Pulling the family together for a meal has many challenges at any time of year. But as spring heads into summer, the threads of family life drift outside, each person often with their own destination.
In her book The Village Effect, psychologist Dr. Susan Pinker devotes several pages to the scientific research that confirms the many positive effects on families that gather round the dinner table. In general, her book details the importance of face to face contact making us happier and healthier.
Regarding family dinners together, she begins with statements that should catch the attention of any parent. " The more meals you eat with your child, the larger the child's vocabulary and the higher his or her grades, an effect that is exaggerated in girls.' As well regular family dinners are linked to whether your child will or will not " get derailed by sex, drugs, binging and purging, depression and suicidal thoughts.' All of a parent's hopes, dreams, and fears are wrapped up in those statements.
By its very nature, the family unit is deeply connected emotionally. Our very first relationship in life is that of our family. As in any relationship, face to face time is key to the health of that connection. Family bonds are 'the ties that bind' and mealtime is an important aspect of that bonding.
Simple mealtime ground rules are necessary. Put away the devices and talk face to face. It may be a struggle at first and Dr. Pinker has treated parents that are actually fearful of the demands of a family dinner. But don't give up.
Mealtime is also the " Miss Manners" time for family. Children learn to be at a table with their good behaviour. Saying please and thank you, and waiting their turn in a conversation, are part of any number of life lessons that take place breaking bread.
Dr. Anne Fischel is the co-founder of The Family Dinner Project and concurs with Pinker's premise as well as offering handy conversation starters.
Pinker notes an added bonus for the family. The research indicates that families deal with stress and difficulties more effectively and have stronger coping skills when mealtimes have been shared.
It's particularly timely to consider the benefits of family mealtime when traditional family life is being fractured by technical distractions in the form of cell phones, and other devices.
Society's changing family dining dynamic showed itself during a recent holiday with my family. My younger son and I stopped for breakfast at a little bistro we both like while on our way to the airport. It's a favourite foodie joint, jammed with tables and people.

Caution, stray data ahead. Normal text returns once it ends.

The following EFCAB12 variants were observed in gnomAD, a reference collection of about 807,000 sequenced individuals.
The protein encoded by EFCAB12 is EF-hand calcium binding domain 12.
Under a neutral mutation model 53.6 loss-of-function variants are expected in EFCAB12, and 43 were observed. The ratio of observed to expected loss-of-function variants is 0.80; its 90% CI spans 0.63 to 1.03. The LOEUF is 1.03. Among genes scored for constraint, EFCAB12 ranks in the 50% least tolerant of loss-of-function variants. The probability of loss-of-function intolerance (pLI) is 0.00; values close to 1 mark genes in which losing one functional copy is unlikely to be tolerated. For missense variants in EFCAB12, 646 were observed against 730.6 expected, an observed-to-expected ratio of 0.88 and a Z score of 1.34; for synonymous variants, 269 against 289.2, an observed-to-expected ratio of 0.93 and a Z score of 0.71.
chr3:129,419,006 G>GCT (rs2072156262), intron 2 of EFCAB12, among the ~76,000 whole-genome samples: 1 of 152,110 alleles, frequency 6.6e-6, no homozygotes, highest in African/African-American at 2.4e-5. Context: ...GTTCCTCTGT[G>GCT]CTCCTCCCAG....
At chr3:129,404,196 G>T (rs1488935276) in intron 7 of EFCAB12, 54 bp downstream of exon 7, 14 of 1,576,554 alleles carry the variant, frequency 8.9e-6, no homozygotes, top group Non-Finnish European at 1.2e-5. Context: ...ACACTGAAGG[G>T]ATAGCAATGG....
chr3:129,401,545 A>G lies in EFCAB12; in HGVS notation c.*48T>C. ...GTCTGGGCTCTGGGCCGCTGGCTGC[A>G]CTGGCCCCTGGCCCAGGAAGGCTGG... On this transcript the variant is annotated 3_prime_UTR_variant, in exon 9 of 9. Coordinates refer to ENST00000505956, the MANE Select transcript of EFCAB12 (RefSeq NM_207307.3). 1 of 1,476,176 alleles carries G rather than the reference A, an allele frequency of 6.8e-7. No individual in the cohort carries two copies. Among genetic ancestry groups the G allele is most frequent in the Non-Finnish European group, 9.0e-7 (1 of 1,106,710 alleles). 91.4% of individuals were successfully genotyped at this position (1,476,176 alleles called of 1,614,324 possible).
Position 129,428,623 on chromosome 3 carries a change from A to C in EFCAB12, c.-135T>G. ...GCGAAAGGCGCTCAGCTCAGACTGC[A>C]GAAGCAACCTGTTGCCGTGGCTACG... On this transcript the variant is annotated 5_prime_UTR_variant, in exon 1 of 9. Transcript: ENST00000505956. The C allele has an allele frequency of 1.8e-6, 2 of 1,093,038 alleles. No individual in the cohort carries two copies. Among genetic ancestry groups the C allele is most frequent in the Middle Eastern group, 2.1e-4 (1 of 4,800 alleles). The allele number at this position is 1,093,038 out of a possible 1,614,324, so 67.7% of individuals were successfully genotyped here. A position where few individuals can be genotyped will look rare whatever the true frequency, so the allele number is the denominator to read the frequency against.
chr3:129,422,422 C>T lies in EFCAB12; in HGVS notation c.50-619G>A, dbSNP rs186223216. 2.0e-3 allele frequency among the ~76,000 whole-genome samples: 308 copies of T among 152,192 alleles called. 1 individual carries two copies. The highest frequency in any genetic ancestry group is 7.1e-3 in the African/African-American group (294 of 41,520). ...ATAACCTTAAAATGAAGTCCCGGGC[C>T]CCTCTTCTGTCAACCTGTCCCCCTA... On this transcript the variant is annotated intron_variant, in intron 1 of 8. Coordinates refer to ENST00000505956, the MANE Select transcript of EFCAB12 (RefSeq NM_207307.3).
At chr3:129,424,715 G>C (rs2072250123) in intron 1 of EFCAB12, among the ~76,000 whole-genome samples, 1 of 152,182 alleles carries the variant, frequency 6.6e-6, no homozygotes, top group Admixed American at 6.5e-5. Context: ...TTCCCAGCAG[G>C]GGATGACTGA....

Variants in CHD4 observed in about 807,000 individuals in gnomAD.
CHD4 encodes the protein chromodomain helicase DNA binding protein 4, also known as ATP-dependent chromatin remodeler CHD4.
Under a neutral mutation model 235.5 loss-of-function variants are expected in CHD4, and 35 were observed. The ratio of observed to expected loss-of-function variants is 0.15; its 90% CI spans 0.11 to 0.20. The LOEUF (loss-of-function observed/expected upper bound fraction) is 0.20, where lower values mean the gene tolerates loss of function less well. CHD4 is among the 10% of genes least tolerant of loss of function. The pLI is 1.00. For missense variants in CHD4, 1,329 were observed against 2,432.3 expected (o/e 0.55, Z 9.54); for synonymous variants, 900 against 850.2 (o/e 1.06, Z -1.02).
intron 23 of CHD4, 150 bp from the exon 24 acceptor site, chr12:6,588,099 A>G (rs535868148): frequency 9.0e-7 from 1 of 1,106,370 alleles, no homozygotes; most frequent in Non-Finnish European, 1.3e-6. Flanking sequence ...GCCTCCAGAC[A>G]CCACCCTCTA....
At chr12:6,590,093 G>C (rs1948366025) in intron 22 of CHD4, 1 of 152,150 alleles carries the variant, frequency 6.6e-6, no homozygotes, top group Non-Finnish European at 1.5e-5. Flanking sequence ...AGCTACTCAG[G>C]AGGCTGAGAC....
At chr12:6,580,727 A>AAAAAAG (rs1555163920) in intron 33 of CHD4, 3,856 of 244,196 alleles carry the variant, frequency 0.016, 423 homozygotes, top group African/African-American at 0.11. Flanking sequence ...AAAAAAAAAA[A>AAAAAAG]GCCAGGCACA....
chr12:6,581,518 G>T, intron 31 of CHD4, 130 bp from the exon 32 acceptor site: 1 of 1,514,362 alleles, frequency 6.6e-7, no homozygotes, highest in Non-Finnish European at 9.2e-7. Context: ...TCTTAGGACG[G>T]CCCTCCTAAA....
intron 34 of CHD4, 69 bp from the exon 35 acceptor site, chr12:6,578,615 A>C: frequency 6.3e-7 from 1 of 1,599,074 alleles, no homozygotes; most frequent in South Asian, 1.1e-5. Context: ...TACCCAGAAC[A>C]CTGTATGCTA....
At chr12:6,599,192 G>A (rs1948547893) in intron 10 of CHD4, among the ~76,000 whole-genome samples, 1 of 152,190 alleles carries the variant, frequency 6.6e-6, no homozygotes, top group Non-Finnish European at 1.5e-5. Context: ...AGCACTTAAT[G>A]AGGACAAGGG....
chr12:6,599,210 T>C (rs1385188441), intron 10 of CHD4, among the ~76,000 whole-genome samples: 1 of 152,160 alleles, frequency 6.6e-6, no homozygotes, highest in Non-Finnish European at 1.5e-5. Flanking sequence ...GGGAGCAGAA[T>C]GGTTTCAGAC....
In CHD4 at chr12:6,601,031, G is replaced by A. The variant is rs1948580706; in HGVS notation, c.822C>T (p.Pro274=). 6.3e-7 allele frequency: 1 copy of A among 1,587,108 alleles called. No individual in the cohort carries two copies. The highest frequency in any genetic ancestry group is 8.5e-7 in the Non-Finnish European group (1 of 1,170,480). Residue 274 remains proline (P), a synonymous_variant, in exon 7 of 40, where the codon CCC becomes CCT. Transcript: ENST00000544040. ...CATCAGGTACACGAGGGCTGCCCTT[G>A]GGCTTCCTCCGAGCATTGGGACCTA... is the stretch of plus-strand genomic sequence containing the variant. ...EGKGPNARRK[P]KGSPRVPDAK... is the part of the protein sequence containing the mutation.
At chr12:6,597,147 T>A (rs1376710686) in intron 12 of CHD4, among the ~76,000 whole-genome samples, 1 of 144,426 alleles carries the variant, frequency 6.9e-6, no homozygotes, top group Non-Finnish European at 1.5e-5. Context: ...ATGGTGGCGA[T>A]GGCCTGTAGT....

At the table right beside us enjoying the same delicious Belgian waffle breakfast was a family of four. Each of them was on a device. There were no words exchanged or any face to face contact during the meal. Not even a collective ooh and ah when the beautifully plated meal arrived. Nobody talked to each other for the entire meal.
After a ten day visit, my son and I still had much to chat about that morning. I felt sorry for the family beside us. I am so grateful that after 40 plus years and many family dinners with both my sons, we have never run out of conversation.
Shared meal time produces better conversationalists. Like any skill it requires consistent practice over time. We know that often the more you do of something the better you get. The flip side is that the less you do of something like talk as a family, then it is possible those empty silent voids during family togetherness will probably increase. The thread of connection thins as a result when opportunities for face to face family time are missed.
Warmer weather brings new challenges for making time for family meals together. But be creative, and place expectations on your child to make the mealtime. Barbecues, backyard picnics, meeting at a park, there are any number of ways to make sure the family gets together for meals.
Research studies support the notion that dining together at least four times a week makes a difference. Mealtimes last on average twenty minutes. There is nothing in the research that suggests meals must be gourmet with organic ingredients, nor does Einstein need to lead any discussion. Being present without distractions, with comfort and cohesion are the key components.
Pinker's book supports the concept that connected, personal relationships help us live healthier, happier, longer lives.
Look around the next time you are in a coffee shop or restaurant. How many families are actually talking to each other, making face to face connections? Then look at your family members and consider starting a conversation.
Follow HuffPost Canada Blogs on Facebook
Follow Linda Simpson on Twitter: www.twitter.com/LinSimpson66